What makeup should you wear when you’re pitching?
For our female entrepreneur series, we want to tackle a question that must have popped up on a female founders’ mind at one point: What makeup should I wear to pitches? What should I wear if I’ve to give a talk somewhere? Wouldn’t it be easy not to think about that at all? That’s why we have some tips for you!
There’s not a lot of advice about that on the internet (apart from pieces like this that might come in handy if you’re Hillary Clinton). And if there is, it mostly centres around the question what clothes to wear. If you’re trying to apply rules that apply to similar situations – say, important business meetings, job interviews, you’re losing the focus at what a pitch is about.
What to wear
So I turned to Astrid, twindly founder and CEO, who has half a dozen pitches under her belt. At the beginning of her career she went to a pitch class but the question of makeup was mostly left out. Nevertheless, there was some wisdom there. “Apart from keeping your posture and controlling your voice, what stayed with me most is what I call ‘keeping me on my toes’. So what shoes to wear? In trainers you feel comfortable and at home, while in stilettos, there’s the real chance of stumbling. You don’t want any of that. You want to be fully aware and sharp. So I found a pair of high heels that is not too high, but not as comfortable as my chucks either. That’s generally a good advice that I try to incorporate in my whole look – walk that line between comfy and professional.” (Heels also make her feel taller and make you remember to stand straight all the time, she added – and that’s important on a stage.)
It goes without saying that you should look polished and professional, but also remember to wear something that doesn’t show that you sweat (white is usually not a good idea), because chances are high you’re incredibly nervous. For bigger conferences, it also pays off to wear a statement piece. It makes you stand out from the crowd, and you’re easy to spot and recognised when people want to talk to you during coffee breaks.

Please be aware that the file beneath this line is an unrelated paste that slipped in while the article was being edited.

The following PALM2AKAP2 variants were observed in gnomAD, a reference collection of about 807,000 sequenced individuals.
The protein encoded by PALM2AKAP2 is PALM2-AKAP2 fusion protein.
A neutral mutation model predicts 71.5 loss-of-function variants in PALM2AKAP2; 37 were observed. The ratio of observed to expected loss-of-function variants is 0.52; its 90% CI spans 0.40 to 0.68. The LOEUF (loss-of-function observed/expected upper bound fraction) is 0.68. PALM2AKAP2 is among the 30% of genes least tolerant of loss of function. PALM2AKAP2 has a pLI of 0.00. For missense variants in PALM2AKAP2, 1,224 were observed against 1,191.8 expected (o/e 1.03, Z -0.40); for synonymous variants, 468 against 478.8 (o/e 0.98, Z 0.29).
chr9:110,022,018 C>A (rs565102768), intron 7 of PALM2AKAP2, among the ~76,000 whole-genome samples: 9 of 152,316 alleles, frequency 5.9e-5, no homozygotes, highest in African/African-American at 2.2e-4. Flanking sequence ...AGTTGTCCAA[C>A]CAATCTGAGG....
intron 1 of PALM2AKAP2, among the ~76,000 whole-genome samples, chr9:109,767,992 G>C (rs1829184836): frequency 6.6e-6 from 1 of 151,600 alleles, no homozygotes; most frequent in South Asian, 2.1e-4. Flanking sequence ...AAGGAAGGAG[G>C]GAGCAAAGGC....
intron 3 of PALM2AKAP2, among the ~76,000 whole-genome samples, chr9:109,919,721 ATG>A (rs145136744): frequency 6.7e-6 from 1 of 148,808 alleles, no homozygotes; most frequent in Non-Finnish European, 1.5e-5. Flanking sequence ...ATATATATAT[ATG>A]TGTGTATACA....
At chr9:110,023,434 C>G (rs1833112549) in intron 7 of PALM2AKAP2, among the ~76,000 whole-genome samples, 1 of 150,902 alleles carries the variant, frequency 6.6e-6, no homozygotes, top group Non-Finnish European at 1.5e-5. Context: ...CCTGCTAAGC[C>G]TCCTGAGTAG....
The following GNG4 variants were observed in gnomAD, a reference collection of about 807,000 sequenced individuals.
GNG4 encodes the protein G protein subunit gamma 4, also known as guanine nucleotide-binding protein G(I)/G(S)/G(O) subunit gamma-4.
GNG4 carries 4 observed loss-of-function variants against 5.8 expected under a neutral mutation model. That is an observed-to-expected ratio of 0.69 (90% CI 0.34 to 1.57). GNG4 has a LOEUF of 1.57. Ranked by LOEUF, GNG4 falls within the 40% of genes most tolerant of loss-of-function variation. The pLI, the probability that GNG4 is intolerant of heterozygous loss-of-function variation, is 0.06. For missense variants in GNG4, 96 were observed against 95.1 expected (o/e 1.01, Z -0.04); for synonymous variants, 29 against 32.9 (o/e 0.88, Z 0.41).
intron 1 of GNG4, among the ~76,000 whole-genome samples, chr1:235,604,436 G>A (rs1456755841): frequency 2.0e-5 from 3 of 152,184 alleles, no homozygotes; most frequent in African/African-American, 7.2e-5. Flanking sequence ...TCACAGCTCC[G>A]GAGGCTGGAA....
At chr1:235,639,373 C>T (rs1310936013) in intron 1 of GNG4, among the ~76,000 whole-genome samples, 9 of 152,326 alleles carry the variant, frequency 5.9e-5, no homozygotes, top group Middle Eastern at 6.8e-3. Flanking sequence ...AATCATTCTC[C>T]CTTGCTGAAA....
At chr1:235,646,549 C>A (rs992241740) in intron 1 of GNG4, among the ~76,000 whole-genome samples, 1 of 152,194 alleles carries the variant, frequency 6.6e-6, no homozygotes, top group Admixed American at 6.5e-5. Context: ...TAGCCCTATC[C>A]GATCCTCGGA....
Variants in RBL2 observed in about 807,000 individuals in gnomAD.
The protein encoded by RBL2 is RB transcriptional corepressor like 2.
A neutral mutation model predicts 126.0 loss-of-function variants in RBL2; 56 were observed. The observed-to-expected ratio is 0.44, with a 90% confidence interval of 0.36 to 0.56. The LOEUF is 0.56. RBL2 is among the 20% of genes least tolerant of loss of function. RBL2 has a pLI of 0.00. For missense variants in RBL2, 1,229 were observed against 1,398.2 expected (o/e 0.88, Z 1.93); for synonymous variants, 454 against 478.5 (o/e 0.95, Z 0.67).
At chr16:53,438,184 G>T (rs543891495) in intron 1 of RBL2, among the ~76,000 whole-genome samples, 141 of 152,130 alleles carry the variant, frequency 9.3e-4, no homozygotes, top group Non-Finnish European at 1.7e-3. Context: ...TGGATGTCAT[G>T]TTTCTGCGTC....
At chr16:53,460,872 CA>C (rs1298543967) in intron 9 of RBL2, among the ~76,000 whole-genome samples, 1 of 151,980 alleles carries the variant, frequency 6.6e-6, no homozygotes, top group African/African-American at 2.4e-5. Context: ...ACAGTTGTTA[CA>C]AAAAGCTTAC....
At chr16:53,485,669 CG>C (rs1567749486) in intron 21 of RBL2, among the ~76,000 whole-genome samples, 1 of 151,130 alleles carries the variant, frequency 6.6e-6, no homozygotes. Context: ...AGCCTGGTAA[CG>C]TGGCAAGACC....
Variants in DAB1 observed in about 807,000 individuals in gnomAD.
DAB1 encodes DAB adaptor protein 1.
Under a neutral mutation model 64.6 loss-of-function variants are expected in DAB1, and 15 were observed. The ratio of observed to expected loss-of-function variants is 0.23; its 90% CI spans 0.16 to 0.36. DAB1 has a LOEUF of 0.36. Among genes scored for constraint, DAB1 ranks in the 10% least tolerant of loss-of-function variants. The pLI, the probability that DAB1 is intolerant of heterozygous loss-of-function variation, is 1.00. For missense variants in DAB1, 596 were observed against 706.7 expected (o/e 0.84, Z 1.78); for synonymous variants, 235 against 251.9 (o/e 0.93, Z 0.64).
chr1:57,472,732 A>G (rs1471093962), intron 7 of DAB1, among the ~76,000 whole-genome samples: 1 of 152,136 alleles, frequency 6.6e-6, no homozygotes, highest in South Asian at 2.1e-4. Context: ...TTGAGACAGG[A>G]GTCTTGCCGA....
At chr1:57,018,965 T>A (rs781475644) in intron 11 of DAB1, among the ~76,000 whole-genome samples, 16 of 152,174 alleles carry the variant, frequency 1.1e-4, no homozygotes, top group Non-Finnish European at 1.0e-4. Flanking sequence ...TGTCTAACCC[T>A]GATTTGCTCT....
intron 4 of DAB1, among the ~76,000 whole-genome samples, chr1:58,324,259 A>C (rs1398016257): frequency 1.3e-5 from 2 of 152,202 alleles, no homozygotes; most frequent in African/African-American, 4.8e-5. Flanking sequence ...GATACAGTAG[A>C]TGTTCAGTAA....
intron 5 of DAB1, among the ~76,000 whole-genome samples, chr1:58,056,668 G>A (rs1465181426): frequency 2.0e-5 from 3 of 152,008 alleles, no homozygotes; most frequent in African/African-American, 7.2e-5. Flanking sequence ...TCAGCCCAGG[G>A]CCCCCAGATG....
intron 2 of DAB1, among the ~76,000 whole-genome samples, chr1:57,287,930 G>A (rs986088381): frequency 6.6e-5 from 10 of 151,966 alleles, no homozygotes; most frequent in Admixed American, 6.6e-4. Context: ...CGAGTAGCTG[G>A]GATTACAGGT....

For Astrid, the most important thing, though, is that she knows she looks good so she can concentrate wholly on pitching. That also means she has, by now, a signature look. “It’s just easier,” she told me. “I don’t have to think about it any longer and just focus on my content.” She usually wears a black jumpsuit, high heels, maybe a batik scarf that’s a nod to her heritage (she’s Indonesian) and neutral makeup with red lips.
Makeup for pitches
First, make sure that neither your lipstick transfers to your teeth, or your mascara nor eyeshadows smudge. Perhaps do a test run or at least do a quick check when you’re in the bathroom!
I wonder how she came up with her’s. “I chose what I feel confident in. And that comes from experience and test runs. You feel more confident when you know you look good. Red lips do that for me. It makes me feel like a boss, like I can go out and rock this thing!” Astrid’s favourite lipstick for pitches and talks is MAC Riri Woo (this is a limited edition, but a very similar shade is Ruby Woo), a classic red matte that suits almost everybody. Second favourite is Burberry Bright Poppy, a vampy violet that reads elegant and polished on her medium-dark skintone.
If you’re shying away from makeup, think about this, though – you’re standing on a stage in bright lights. You don’t want to look washed-out. Colour actually is your friend here and at least wearing a somewhat stronger lipstick will help a lot. Spin it like you want, makeup makes you look more present and stand out in those surroundings.
So if you’re thinking about that neutral makeup, think again. (I actually encourage you to read Kate’s post here about experimenting with looks that are suitable for working surroundings. You can easily see how it pays off to know your own face and what suits you.) The focus is on you, it should be on you, so you should turn that to your advantage and don’t be afraid to stand out. You’re pitching or talking about something that you’re passionate about, and that should show.
Be confident and reflect that
Astrid, when asked about some general advice, tells me: “Prepare your pitch. A lot and some more. And never forget that your audience is there because they want to listen to you! They’re there to see you rock it. So go out and do that.”
And makeup-wise? “Just wear anything that makes you feel ‘I’m owning it!’ Because pitching is all about energy and presence (you might also want to have a look at this ted talk about this as well). Otherwise people will fall asleep.”